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  • Writer's pictureRob Ervin

Rob Reviews "Arthur the King"


It’s no secret that I am always up for any kind of movie that features heroic animals doing heroic animal things.  I remember seeing the trailer for Arthur the King a while back and being intrigued, but it felt like it got pushed back quite a bit during the strike, and that could either be a good thing or a bad thing.  Honestly, after seeing it I have a mixed bag of feelings.

 

Based on a true story, Mark Wahlberg plays Mikael Lindnord, a famous athlete in endurance racing who flames out after a bad decision costs his team dearly.  Out of the sport for a few years, his wife (Juliet Rylance) convinces him to give it one more shot, even against the odds on every level.  From finances to putting together a team (Simu Lu, Ali Suliman, and Nathalie Emmanuel), he barely makes it to the event.  As things get under way, they meet up with a stray dog that not only “adopts” the team but seems to understand the rugged Dominican Republic terrain in a way that helps keep them in the race but even saves them a couple of times.  As the race proceeds, their bond becomes more than any of them had anticipated.

 

On one hand, this is a very entertaining film.  I am leaving the word “family” out of this because although it has a great message, there is a level of adult language that is unnecessary other than to just “be there”.  For the teens and up, this might not be a bad thing, but for the younger ones perhaps not.  The third act also is a rollercoaster that those younger ones may find too intense.  By the time the credits rolled, I found myself entertained and fully on-board for the ride.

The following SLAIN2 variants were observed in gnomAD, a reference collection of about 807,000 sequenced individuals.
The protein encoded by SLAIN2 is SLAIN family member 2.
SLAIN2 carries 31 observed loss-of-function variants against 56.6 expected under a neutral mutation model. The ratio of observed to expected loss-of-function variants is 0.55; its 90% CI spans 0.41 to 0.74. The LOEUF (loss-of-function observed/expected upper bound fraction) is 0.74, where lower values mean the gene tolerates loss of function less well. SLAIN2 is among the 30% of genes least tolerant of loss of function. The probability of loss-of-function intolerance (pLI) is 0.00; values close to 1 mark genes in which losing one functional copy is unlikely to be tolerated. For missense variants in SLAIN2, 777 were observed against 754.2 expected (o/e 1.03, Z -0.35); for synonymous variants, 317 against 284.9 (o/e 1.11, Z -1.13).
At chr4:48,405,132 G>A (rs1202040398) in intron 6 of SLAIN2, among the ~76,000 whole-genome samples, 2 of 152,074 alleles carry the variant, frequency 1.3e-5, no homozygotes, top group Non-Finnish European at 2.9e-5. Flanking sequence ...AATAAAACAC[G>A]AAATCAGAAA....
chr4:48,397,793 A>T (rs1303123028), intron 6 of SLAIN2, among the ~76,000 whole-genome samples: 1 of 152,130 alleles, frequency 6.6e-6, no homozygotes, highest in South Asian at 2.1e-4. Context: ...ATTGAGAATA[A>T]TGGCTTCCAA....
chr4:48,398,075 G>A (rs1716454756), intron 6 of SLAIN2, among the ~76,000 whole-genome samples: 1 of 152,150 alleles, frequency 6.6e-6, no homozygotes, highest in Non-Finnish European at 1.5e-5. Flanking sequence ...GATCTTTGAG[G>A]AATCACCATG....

On the other hand, this script could have used a lot of work to streamline this story.  I understand the need to connect with the backstory of Arthur specifically, but director Simon Cellan Jones (who also works with Wahlberg in The Family Plan and has done A LOT of television) seems to feel the need to tell Arthur and Mikael’s stories in parallel.  I have seen films that can do this well, but here it seems to drag down the narrative itself.  Also, the race itself takes two-thirds of the film’s total run time which also seems unnecessary.  The deeper the race gets, the more the story picks up its pace but that also seems a bit too-little-too-late in how the story unfolds.  The aforementioned third act acts like rush hour traffic with a speed-up/slow-down pace that seems like it doesn’t know which details to include and not include in the story itself.

 

Arthur the King (take that middle word out and I dare any Gen X-er to not say it in a British accent like John Cleese) is not by any stretch a bad film.  Like I said earlier, I enjoyed the film for what it is, but it is also not a film that I can honestly say I would go out of my way to put in heavy rotation.  For parents, I would say to see it without the full family first and then make the judgement call as to whether to include everyone at that point.

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